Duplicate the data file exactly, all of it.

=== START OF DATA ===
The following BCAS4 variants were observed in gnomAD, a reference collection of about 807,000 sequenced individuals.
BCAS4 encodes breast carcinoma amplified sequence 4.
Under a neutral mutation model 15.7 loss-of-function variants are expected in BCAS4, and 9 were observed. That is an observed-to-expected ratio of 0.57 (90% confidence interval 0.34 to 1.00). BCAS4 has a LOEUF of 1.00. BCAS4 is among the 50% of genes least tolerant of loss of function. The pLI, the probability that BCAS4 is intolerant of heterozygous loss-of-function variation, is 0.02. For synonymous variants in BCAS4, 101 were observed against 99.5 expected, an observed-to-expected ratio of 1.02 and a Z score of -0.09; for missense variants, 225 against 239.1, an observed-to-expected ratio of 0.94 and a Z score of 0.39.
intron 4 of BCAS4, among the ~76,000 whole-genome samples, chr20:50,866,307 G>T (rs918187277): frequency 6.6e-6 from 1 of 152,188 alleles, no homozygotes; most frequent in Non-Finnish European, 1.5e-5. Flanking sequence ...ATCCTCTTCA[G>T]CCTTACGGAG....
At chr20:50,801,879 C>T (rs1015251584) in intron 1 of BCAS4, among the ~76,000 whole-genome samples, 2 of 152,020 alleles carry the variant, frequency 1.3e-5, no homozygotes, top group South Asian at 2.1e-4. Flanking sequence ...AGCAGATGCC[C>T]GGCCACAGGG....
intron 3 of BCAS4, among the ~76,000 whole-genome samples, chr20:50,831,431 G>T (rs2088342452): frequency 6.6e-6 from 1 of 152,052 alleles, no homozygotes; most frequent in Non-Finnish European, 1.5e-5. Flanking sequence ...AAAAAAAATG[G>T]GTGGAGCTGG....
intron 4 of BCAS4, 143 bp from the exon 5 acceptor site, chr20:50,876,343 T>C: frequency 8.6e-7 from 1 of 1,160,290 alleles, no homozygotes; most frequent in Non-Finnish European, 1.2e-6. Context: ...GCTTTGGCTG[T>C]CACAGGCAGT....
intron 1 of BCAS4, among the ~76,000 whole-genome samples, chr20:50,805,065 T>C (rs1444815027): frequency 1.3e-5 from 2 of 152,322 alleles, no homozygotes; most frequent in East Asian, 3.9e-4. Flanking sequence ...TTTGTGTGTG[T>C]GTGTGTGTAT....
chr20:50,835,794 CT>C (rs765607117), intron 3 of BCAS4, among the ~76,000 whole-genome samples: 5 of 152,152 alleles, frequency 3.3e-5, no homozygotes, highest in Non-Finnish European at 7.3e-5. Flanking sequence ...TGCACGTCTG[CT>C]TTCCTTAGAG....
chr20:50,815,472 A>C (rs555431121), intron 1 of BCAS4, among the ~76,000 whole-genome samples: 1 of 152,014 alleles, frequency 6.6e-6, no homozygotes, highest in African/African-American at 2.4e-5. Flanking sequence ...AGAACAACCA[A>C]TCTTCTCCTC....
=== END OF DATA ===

The following BCAS4 variants were observed in gnomAD, a reference collection of about 807,000 sequenced individuals.
BCAS4 encodes breast carcinoma amplified sequence 4.
Under a neutral mutation model 15.7 loss-of-function variants are expected in BCAS4, and 9 were observed. That is an observed-to-expected ratio of 0.57 (90% confidence interval 0.34 to 1.00). BCAS4 has a LOEUF of 1.00. BCAS4 is among the 50% of genes least tolerant of loss of function. The pLI, the probability that BCAS4 is intolerant of heterozygous loss-of-function variation, is 0.02. For synonymous variants in BCAS4, 101 were observed against 99.5 expected, an observed-to-expected ratio of 1.02 and a Z score of -0.09; for missense variants, 225 against 239.1, an observed-to-expected ratio of 0.94 and a Z score of 0.39.
intron 4 of BCAS4, among the ~76,000 whole-genome samples, chr20:50,866,307 G>T (rs918187277): frequency 6.6e-6 from 1 of 152,188 alleles, no homozygotes; most frequent in Non-Finnish European, 1.5e-5. Flanking sequence ...ATCCTCTTCA[G>T]CCTTACGGAG....
At chr20:50,801,879 C>T (rs1015251584) in intron 1 of BCAS4, among the ~76,000 whole-genome samples, 2 of 152,020 alleles carry the variant, frequency 1.3e-5, no homozygotes, top group South Asian at 2.1e-4. Flanking sequence ...AGCAGATGCC[C>T]GGCCACAGGG....
intron 3 of BCAS4, among the ~76,000 whole-genome samples, chr20:50,831,431 G>T (rs2088342452): frequency 6.6e-6 from 1 of 152,052 alleles, no homozygotes; most frequent in Non-Finnish European, 1.5e-5. Flanking sequence ...AAAAAAAATG[G>T]GTGGAGCTGG....
intron 4 of BCAS4, 143 bp from the exon 5 acceptor site, chr20:50,876,343 T>C: frequency 8.6e-7 from 1 of 1,160,290 alleles, no homozygotes; most frequent in Non-Finnish European, 1.2e-6. Context: ...GCTTTGGCTG[T>C]CACAGGCAGT....
intron 1 of BCAS4, among the ~76,000 whole-genome samples, chr20:50,805,065 T>C (rs1444815027): frequency 1.3e-5 from 2 of 152,322 alleles, no homozygotes; most frequent in East Asian, 3.9e-4. Flanking sequence ...TTTGTGTGTG[T>C]GTGTGTGTAT....
chr20:50,835,794 CT>C (rs765607117), intron 3 of BCAS4, among the ~76,000 whole-genome samples: 5 of 152,152 alleles, frequency 3.3e-5, no homozygotes, highest in Non-Finnish European at 7.3e-5. Flanking sequence ...TGCACGTCTG[CT>C]TTCCTTAGAG....
chr20:50,815,472 A>C (rs555431121), intron 1 of BCAS4, among the ~76,000 whole-genome samples: 1 of 152,014 alleles, frequency 6.6e-6, no homozygotes, highest in African/African-American at 2.4e-5. Flanking sequence ...AGAACAACCA[A>C]TCTTCTCCTC....